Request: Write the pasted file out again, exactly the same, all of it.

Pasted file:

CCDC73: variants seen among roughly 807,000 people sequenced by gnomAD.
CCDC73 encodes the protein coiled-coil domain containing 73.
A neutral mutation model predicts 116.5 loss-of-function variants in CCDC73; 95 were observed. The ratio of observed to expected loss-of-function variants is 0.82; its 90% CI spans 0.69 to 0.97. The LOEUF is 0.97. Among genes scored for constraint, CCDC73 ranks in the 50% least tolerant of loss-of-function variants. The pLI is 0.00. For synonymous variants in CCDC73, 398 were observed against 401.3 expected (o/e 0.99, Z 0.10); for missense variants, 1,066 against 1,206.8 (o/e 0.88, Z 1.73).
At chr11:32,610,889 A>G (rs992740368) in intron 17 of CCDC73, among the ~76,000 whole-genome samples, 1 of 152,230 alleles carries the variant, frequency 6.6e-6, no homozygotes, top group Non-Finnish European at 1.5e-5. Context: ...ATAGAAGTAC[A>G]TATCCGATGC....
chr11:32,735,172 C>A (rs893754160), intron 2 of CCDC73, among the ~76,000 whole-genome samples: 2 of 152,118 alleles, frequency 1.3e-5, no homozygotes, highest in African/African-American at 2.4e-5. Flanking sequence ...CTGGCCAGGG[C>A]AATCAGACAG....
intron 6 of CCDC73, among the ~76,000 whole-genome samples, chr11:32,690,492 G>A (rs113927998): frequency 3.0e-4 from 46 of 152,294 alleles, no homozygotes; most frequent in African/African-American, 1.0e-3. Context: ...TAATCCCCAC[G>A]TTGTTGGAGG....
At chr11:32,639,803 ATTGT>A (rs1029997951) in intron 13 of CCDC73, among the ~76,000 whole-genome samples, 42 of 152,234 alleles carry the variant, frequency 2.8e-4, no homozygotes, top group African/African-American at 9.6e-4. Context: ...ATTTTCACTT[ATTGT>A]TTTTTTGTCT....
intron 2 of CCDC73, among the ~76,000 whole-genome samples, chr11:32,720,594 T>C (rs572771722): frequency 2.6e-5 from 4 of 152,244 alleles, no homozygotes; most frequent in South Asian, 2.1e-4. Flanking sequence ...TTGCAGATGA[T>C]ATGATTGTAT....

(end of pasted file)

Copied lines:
CCDC73: variants seen among roughly 807,000 people sequenced by gnomAD.
CCDC73 encodes the protein coiled-coil domain containing 73.
A neutral mutation model predicts 116.5 loss-of-function variants in CCDC73; 95 were observed. The ratio of observed to expected loss-of-function variants is 0.82; its 90% CI spans 0.69 to 0.97. The LOEUF is 0.97. Among genes scored for constraint, CCDC73 ranks in the 50% least tolerant of loss-of-function variants. The pLI is 0.00. For synonymous variants in CCDC73, 398 were observed against 401.3 expected (o/e 0.99, Z 0.10); for missense variants, 1,066 against 1,206.8 (o/e 0.88, Z 1.73).
At chr11:32,610,889 A>G (rs992740368) in intron 17 of CCDC73, among the ~76,000 whole-genome samples, 1 of 152,230 alleles carries the variant, frequency 6.6e-6, no homozygotes, top group Non-Finnish European at 1.5e-5. Context: ...ATAGAAGTAC[A>G]TATCCGATGC....
chr11:32,735,172 C>A (rs893754160), intron 2 of CCDC73, among the ~76,000 whole-genome samples: 2 of 152,118 alleles, frequency 1.3e-5, no homozygotes, highest in African/African-American at 2.4e-5. Flanking sequence ...CTGGCCAGGG[C>A]AATCAGACAG....
intron 6 of CCDC73, among the ~76,000 whole-genome samples, chr11:32,690,492 G>A (rs113927998): frequency 3.0e-4 from 46 of 152,294 alleles, no homozygotes; most frequent in African/African-American, 1.0e-3. Context: ...TAATCCCCAC[G>A]TTGTTGGAGG....
At chr11:32,639,803 ATTGT>A (rs1029997951) in intron 13 of CCDC73, among the ~76,000 whole-genome samples, 42 of 152,234 alleles carry the variant, frequency 2.8e-4, no homozygotes, top group African/African-American at 9.6e-4. Context: ...ATTTTCACTT[ATTGT>A]TTTTTTGTCT....
intron 2 of CCDC73, among the ~76,000 whole-genome samples, chr11:32,720,594 T>C (rs572771722): frequency 2.6e-5 from 4 of 152,244 alleles, no homozygotes; most frequent in South Asian, 2.1e-4. Flanking sequence ...TTGCAGATGA[T>C]ATGATTGTAT....